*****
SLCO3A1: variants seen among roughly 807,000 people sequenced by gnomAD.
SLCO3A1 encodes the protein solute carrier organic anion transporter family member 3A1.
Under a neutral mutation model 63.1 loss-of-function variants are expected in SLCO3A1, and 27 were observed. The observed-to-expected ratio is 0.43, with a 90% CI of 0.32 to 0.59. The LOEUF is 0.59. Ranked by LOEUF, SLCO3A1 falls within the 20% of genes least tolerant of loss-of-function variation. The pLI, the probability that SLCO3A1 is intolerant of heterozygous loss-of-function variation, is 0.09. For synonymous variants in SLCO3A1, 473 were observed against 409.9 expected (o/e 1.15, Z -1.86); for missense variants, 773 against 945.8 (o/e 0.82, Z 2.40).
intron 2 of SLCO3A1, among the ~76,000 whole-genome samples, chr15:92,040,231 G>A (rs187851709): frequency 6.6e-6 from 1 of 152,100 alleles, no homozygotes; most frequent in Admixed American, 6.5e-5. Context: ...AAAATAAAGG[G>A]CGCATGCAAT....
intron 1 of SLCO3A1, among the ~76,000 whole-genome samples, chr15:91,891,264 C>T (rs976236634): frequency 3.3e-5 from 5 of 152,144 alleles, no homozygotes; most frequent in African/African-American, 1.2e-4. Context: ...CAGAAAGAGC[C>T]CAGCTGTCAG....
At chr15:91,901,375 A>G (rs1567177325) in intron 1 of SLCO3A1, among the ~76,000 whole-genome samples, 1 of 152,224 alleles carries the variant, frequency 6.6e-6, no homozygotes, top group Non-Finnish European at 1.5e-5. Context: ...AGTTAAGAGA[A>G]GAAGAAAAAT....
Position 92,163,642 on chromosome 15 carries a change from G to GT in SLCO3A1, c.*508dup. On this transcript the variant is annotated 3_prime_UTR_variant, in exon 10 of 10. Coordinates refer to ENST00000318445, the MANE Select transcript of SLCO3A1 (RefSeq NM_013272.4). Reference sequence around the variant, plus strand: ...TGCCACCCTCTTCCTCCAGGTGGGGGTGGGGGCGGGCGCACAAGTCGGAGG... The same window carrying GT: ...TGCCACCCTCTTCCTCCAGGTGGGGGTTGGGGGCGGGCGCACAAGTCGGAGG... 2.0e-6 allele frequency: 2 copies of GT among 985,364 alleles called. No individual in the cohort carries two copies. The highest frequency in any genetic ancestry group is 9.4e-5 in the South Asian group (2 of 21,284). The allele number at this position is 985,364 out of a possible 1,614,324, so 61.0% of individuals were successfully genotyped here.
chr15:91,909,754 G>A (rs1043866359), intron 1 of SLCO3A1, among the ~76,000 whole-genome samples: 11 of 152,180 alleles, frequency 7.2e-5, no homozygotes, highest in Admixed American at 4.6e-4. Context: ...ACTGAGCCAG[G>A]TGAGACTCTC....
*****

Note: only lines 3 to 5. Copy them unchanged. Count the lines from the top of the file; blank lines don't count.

Under a neutral mutation model 63.1 loss-of-function variants are expected in SLCO3A1, and 27 were observed. The observed-to-expected ratio is 0.43, with a 90% CI of 0.32 to 0.59. The LOEUF is 0.59. Ranked by LOEUF, SLCO3A1 falls within the 20% of genes least tolerant of loss-of-function variation. The pLI, the probability that SLCO3A1 is intolerant of heterozygous loss-of-function variation, is 0.09. For synonymous variants in SLCO3A1, 473 were observed against 409.9 expected (o/e 1.15, Z -1.86); for missense variants, 773 against 945.8 (o/e 0.82, Z 2.40).
intron 2 of SLCO3A1, among the ~76,000 whole-genome samples, chr15:92,040,231 G>A (rs187851709): frequency 6.6e-6 from 1 of 152,100 alleles, no homozygotes; most frequent in Admixed American, 6.5e-5. Context: ...AAAATAAAGG[G>A]CGCATGCAAT....
intron 1 of SLCO3A1, among the ~76,000 whole-genome samples, chr15:91,891,264 C>T (rs976236634): frequency 3.3e-5 from 5 of 152,144 alleles, no homozygotes; most frequent in African/African-American, 1.2e-4. Context: ...CAGAAAGAGC[C>T]CAGCTGTCAG....